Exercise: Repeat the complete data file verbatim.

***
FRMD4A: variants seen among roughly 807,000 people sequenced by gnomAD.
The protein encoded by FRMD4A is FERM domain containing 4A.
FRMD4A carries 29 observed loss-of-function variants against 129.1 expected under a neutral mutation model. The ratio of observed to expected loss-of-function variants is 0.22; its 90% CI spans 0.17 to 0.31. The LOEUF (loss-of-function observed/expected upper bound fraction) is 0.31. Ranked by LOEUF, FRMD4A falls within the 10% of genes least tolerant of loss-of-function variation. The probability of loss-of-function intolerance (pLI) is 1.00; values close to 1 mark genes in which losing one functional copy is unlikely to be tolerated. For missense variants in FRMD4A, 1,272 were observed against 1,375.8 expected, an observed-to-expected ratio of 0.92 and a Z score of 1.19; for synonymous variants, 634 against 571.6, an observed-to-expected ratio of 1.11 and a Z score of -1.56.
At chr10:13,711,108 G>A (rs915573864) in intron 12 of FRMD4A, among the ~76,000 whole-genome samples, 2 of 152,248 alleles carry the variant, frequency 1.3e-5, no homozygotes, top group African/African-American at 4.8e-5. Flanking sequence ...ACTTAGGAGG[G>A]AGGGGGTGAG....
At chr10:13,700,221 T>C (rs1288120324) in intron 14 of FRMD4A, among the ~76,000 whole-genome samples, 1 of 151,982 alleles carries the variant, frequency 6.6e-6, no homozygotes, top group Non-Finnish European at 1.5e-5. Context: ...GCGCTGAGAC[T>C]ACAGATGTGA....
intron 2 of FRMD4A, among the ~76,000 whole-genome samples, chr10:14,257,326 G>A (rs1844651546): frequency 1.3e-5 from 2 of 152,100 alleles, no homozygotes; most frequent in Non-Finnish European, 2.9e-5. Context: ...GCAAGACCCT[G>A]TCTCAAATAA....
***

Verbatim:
FRMD4A: variants seen among roughly 807,000 people sequenced by gnomAD.
The protein encoded by FRMD4A is FERM domain containing 4A.
FRMD4A carries 29 observed loss-of-function variants against 129.1 expected under a neutral mutation model. The ratio of observed to expected loss-of-function variants is 0.22; its 90% CI spans 0.17 to 0.31. The LOEUF (loss-of-function observed/expected upper bound fraction) is 0.31. Ranked by LOEUF, FRMD4A falls within the 10% of genes least tolerant of loss-of-function variation. The probability of loss-of-function intolerance (pLI) is 1.00; values close to 1 mark genes in which losing one functional copy is unlikely to be tolerated. For missense variants in FRMD4A, 1,272 were observed against 1,375.8 expected, an observed-to-expected ratio of 0.92 and a Z score of 1.19; for synonymous variants, 634 against 571.6, an observed-to-expected ratio of 1.11 and a Z score of -1.56.
At chr10:13,711,108 G>A (rs915573864) in intron 12 of FRMD4A, among the ~76,000 whole-genome samples, 2 of 152,248 alleles carry the variant, frequency 1.3e-5, no homozygotes, top group African/African-American at 4.8e-5. Flanking sequence ...ACTTAGGAGG[G>A]AGGGGGTGAG....
At chr10:13,700,221 T>C (rs1288120324) in intron 14 of FRMD4A, among the ~76,000 whole-genome samples, 1 of 151,982 alleles carries the variant, frequency 6.6e-6, no homozygotes, top group Non-Finnish European at 1.5e-5. Context: ...GCGCTGAGAC[T>C]ACAGATGTGA....
intron 2 of FRMD4A, among the ~76,000 whole-genome samples, chr10:14,257,326 G>A (rs1844651546): frequency 1.3e-5 from 2 of 152,100 alleles, no homozygotes; most frequent in Non-Finnish European, 2.9e-5. Context: ...GCAAGACCCT[G>A]TCTCAAATAA....